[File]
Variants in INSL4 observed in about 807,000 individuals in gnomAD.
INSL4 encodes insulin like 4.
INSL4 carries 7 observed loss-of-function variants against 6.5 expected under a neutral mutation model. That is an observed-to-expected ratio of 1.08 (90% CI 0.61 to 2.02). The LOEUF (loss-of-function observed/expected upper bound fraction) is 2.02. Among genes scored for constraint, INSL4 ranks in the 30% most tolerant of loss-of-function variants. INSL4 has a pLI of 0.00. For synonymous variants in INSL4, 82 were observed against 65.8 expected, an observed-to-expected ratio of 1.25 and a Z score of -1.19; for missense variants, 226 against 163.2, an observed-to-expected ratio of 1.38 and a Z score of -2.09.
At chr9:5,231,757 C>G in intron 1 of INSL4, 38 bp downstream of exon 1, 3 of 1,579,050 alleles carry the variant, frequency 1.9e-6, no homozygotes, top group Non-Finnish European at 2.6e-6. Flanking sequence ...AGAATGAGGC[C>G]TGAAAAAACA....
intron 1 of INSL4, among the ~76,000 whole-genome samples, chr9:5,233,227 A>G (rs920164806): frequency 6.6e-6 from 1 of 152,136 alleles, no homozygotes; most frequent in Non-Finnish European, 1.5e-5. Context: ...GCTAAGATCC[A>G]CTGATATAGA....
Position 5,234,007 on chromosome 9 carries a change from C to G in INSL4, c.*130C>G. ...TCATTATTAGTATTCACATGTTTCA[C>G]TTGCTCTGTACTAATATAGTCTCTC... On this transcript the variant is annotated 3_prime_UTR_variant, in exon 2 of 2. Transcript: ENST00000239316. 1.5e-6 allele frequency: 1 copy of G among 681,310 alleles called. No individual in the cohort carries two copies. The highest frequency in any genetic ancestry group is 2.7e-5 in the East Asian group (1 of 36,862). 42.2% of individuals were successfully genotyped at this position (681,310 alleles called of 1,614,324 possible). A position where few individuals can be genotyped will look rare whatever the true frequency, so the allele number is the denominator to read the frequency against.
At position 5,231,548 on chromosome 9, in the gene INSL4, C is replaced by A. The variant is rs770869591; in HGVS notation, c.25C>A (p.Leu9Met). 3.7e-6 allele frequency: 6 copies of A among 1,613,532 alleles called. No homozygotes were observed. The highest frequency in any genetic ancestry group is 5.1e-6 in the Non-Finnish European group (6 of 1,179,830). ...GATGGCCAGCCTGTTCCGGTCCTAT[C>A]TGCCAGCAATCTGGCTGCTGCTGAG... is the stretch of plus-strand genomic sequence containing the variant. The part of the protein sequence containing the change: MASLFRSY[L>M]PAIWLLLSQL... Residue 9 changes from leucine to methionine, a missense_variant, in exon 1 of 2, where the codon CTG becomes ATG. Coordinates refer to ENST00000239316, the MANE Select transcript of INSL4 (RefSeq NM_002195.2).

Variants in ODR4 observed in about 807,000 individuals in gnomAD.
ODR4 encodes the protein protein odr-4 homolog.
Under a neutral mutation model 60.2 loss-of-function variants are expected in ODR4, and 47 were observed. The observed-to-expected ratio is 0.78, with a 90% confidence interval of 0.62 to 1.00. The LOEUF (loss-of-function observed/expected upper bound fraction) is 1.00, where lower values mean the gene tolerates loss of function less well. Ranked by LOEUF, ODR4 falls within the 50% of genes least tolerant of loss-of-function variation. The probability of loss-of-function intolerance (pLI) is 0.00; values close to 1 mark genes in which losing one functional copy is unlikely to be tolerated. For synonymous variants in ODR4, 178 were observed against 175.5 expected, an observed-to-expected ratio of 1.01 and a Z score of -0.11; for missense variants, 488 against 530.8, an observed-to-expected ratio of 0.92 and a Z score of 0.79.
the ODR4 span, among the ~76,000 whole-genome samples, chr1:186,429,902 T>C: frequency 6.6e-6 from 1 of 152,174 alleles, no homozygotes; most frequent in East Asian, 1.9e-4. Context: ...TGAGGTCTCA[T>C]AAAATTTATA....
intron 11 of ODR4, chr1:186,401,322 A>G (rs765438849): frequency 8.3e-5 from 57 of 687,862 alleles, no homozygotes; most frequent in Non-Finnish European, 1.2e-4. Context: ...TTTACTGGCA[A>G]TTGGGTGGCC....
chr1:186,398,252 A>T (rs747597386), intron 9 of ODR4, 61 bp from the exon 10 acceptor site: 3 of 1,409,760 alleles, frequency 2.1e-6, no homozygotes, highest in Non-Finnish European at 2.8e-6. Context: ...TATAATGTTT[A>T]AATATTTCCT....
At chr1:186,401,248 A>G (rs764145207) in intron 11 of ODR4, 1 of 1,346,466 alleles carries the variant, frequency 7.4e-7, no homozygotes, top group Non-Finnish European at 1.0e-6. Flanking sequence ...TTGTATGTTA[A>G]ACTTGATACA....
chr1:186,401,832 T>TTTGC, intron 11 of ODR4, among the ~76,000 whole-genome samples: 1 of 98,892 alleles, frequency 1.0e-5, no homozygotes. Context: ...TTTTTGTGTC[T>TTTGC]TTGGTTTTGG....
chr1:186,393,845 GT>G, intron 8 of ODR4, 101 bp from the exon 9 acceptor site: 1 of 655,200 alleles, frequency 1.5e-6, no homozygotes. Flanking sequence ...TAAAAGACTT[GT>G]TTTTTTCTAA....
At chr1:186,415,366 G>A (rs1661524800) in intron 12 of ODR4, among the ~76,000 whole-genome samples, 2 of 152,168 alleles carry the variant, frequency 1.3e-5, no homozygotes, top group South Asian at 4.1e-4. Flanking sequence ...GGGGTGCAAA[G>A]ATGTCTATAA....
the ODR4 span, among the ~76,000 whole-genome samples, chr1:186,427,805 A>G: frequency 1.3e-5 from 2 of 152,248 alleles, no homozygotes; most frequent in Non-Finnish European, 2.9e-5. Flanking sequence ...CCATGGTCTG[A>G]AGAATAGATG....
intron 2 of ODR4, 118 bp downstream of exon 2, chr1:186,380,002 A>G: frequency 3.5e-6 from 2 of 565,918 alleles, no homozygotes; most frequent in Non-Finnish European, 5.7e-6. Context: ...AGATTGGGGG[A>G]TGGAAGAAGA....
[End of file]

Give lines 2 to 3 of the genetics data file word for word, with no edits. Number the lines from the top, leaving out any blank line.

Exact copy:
INSL4 encodes insulin like 4.
INSL4 carries 7 observed loss-of-function variants against 6.5 expected under a neutral mutation model. That is an observed-to-expected ratio of 1.08 (90% CI 0.61 to 2.02). The LOEUF (loss-of-function observed/expected upper bound fraction) is 2.02. Among genes scored for constraint, INSL4 ranks in the 30% most tolerant of loss-of-function variants. INSL4 has a pLI of 0.00. For synonymous variants in INSL4, 82 were observed against 65.8 expected, an observed-to-expected ratio of 1.25 and a Z score of -1.19; for missense variants, 226 against 163.2, an observed-to-expected ratio of 1.38 and a Z score of -2.09.